Another way to see what the Fed's zero interest-rate policy (ZIRP) is doing to people who rely on interest earnings for their income is to examine the yield on Treasury inflation-indexed securities
issued by the government.
In recent years, inflation-indexed securities
have become popular for use in portfolios.
The later-morning peak in activity in the indexed market may reflect differences in use and ownership between nominal and inflation-indexed securities
and annuities, among other products, that are now available only in developed markets, may eventually be introduced in the country.
This article reviews the experiences of a few countries that have issued inflation-indexed securities
and draws some common lessons about promoting market liquidity.
The only market-based measure of inflation expectations is the spread between Treasury inflation-indexed securities
(TIIS) and the corresponding non-indexed Treasury issue.
Another unique group of securities issued by the United States Treasury are Treasury Inflation-Indexed Securities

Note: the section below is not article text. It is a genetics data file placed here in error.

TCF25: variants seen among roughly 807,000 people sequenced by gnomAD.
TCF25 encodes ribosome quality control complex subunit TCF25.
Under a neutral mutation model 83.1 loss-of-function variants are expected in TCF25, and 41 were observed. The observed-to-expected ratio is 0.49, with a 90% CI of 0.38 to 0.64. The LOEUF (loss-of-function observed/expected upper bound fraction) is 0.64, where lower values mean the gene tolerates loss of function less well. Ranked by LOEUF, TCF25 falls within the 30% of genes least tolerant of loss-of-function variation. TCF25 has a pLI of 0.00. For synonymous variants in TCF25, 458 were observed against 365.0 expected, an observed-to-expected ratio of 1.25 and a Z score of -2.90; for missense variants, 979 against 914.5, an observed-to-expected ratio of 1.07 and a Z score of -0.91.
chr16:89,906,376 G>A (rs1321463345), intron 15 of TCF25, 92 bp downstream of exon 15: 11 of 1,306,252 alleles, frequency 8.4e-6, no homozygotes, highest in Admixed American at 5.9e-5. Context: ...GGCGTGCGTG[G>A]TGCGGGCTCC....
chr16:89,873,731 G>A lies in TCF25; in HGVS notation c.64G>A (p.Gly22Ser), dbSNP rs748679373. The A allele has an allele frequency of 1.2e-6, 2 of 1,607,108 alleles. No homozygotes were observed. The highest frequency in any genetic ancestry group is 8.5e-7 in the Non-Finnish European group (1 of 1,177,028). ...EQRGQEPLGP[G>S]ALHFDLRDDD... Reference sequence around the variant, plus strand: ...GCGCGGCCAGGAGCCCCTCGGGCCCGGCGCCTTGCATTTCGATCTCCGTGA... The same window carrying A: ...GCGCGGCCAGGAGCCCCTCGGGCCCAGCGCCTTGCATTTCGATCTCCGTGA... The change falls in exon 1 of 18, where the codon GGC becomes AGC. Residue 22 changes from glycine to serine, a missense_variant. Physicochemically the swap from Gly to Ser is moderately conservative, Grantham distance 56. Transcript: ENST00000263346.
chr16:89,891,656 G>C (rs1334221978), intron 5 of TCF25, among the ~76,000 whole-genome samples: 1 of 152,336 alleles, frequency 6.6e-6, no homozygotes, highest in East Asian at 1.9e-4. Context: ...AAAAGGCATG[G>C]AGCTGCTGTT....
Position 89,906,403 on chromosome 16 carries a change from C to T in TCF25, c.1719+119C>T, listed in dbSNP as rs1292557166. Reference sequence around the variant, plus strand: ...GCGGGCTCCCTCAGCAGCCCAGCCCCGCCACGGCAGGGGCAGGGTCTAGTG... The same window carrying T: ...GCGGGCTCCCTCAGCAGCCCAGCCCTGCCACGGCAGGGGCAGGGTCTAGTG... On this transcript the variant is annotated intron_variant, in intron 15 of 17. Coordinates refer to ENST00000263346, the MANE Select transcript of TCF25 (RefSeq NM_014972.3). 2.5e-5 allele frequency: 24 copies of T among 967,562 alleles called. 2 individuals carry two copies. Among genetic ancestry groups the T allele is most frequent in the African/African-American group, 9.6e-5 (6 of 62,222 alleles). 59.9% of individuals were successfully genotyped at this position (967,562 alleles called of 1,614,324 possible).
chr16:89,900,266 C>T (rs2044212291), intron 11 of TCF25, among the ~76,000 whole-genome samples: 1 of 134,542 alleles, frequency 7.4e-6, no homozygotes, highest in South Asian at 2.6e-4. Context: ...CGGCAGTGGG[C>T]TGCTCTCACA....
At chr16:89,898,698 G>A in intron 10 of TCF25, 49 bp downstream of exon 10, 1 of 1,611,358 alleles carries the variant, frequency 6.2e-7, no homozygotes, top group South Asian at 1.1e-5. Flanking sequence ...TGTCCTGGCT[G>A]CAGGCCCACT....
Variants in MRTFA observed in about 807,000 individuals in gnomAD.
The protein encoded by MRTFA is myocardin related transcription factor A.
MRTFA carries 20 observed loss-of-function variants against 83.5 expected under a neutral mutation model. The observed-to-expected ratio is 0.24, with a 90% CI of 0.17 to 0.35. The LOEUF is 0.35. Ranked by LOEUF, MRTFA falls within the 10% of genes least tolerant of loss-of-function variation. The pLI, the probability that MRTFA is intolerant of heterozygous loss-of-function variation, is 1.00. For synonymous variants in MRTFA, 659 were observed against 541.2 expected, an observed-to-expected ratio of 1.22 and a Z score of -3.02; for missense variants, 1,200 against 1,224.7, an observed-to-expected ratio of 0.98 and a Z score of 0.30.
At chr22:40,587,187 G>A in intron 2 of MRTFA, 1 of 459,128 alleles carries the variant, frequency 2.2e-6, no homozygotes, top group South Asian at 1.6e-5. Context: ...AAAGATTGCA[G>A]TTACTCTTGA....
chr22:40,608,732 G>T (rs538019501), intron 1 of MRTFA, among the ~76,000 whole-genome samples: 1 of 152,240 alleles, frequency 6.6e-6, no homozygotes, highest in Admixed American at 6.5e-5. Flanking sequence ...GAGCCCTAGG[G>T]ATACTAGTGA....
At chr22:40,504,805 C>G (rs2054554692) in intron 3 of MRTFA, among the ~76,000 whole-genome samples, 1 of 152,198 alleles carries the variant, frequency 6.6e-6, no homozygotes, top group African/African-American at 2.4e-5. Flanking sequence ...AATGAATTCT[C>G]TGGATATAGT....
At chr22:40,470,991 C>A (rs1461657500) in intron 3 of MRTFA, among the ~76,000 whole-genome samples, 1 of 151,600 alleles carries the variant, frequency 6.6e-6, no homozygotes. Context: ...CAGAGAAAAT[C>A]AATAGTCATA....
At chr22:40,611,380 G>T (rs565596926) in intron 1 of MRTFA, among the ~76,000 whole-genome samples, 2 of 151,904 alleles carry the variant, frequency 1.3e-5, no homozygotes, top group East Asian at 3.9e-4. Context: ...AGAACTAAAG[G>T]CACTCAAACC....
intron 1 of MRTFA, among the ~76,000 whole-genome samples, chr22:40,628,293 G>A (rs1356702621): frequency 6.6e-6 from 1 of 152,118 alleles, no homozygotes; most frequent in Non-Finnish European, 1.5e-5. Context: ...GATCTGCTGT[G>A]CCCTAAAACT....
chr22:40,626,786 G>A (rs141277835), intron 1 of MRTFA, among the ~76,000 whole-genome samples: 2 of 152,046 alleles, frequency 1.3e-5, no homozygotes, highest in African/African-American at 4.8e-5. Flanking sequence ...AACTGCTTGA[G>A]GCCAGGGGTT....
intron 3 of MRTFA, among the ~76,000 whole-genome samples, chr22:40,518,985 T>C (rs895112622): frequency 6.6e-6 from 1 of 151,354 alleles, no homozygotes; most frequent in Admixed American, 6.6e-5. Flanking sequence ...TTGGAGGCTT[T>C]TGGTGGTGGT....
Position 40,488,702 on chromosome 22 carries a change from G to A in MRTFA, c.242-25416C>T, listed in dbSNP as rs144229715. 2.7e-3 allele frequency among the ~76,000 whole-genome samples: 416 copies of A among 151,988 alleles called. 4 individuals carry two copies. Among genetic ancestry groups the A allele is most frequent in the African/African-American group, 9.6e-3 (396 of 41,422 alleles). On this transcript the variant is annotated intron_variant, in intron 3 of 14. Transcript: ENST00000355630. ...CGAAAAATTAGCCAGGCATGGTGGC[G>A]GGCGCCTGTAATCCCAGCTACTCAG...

, often called Treasury Inflation-Protected Securities, or TIPS.
The premium they calculated was 50 to 100 basis points, which led them to their prediction that inflation-indexed securities
would overstate expected inflation by that much.
Today, the popularity of Treasury Inflation-Indexed Securities
(TIIS) is on the rise due to the increased demand for fixed-income securities by investors, the increased supply of TIIS, and the increased possibility of higher fluctuation of price levels.
Treasury began issuing inflation-indexed securities
in early 1997.
The other shows that the implied real return on Treasury inflation-indexed securities
has fallen over the past few years even though projected budget deficits have increased.